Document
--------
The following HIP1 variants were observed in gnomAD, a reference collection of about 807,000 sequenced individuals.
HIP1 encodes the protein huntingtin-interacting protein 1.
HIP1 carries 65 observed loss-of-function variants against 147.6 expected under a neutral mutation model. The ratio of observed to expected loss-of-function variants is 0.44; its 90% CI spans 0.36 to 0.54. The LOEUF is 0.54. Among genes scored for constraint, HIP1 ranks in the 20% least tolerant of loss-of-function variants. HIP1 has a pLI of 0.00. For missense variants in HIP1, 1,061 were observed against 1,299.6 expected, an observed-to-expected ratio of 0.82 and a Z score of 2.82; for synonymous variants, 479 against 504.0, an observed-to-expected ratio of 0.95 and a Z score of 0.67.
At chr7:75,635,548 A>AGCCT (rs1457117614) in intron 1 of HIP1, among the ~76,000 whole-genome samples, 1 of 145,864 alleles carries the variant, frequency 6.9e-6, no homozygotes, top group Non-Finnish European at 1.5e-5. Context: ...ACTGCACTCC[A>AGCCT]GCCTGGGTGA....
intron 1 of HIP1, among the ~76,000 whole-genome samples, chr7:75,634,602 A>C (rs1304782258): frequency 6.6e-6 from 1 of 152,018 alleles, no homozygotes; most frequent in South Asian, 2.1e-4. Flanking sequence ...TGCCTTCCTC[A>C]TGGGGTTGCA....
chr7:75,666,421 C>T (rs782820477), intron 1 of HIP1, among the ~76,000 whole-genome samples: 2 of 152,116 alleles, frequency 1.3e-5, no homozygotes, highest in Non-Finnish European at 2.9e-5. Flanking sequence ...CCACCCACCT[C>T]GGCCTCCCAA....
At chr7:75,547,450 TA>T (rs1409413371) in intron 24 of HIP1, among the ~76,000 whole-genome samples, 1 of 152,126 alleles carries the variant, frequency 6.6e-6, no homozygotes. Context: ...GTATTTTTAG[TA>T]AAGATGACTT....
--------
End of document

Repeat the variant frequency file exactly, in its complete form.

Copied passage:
The following HIP1 variants were observed in gnomAD, a reference collection of about 807,000 sequenced individuals.
HIP1 encodes the protein huntingtin-interacting protein 1.
HIP1 carries 65 observed loss-of-function variants against 147.6 expected under a neutral mutation model. The ratio of observed to expected loss-of-function variants is 0.44; its 90% CI spans 0.36 to 0.54. The LOEUF is 0.54. Among genes scored for constraint, HIP1 ranks in the 20% least tolerant of loss-of-function variants. HIP1 has a pLI of 0.00. For missense variants in HIP1, 1,061 were observed against 1,299.6 expected, an observed-to-expected ratio of 0.82 and a Z score of 2.82; for synonymous variants, 479 against 504.0, an observed-to-expected ratio of 0.95 and a Z score of 0.67.
At chr7:75,635,548 A>AGCCT (rs1457117614) in intron 1 of HIP1, among the ~76,000 whole-genome samples, 1 of 145,864 alleles carries the variant, frequency 6.9e-6, no homozygotes, top group Non-Finnish European at 1.5e-5. Context: ...ACTGCACTCC[A>AGCCT]GCCTGGGTGA....
intron 1 of HIP1, among the ~76,000 whole-genome samples, chr7:75,634,602 A>C (rs1304782258): frequency 6.6e-6 from 1 of 152,018 alleles, no homozygotes; most frequent in South Asian, 2.1e-4. Flanking sequence ...TGCCTTCCTC[A>C]TGGGGTTGCA....
chr7:75,666,421 C>T (rs782820477), intron 1 of HIP1, among the ~76,000 whole-genome samples: 2 of 152,116 alleles, frequency 1.3e-5, no homozygotes, highest in Non-Finnish European at 2.9e-5. Flanking sequence ...CCACCCACCT[C>T]GGCCTCCCAA....
At chr7:75,547,450 TA>T (rs1409413371) in intron 24 of HIP1, among the ~76,000 whole-genome samples, 1 of 152,126 alleles carries the variant, frequency 6.6e-6, no homozygotes. Context: ...GTATTTTTAG[TA>T]AAGATGACTT....